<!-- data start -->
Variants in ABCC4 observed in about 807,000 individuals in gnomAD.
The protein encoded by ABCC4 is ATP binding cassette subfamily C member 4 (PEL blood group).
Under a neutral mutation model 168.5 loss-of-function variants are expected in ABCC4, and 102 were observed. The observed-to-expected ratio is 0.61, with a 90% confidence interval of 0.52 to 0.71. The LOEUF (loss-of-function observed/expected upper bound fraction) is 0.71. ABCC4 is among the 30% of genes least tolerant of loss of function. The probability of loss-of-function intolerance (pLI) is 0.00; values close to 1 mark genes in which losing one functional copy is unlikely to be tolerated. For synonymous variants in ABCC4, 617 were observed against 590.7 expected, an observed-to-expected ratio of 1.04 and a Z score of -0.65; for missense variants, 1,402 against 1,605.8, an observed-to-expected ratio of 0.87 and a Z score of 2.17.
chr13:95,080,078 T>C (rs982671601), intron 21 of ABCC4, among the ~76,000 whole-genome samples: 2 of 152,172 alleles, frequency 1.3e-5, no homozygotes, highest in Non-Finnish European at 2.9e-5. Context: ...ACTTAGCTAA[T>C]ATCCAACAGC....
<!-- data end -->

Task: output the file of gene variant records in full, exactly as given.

Variants in ABCC4 observed in about 807,000 individuals in gnomAD.
The protein encoded by ABCC4 is ATP binding cassette subfamily C member 4 (PEL blood group).
Under a neutral mutation model 168.5 loss-of-function variants are expected in ABCC4, and 102 were observed. The observed-to-expected ratio is 0.61, with a 90% confidence interval of 0.52 to 0.71. The LOEUF (loss-of-function observed/expected upper bound fraction) is 0.71. ABCC4 is among the 30% of genes least tolerant of loss of function. The probability of loss-of-function intolerance (pLI) is 0.00; values close to 1 mark genes in which losing one functional copy is unlikely to be tolerated. For synonymous variants in ABCC4, 617 were observed against 590.7 expected, an observed-to-expected ratio of 1.04 and a Z score of -0.65; for missense variants, 1,402 against 1,605.8, an observed-to-expected ratio of 0.87 and a Z score of 2.17.
chr13:95,080,078 T>C (rs982671601), intron 21 of ABCC4, among the ~76,000 whole-genome samples: 2 of 152,172 alleles, frequency 1.3e-5, no homozygotes, highest in Non-Finnish European at 2.9e-5. Context: ...ACTTAGCTAA[T>C]ATCCAACAGC....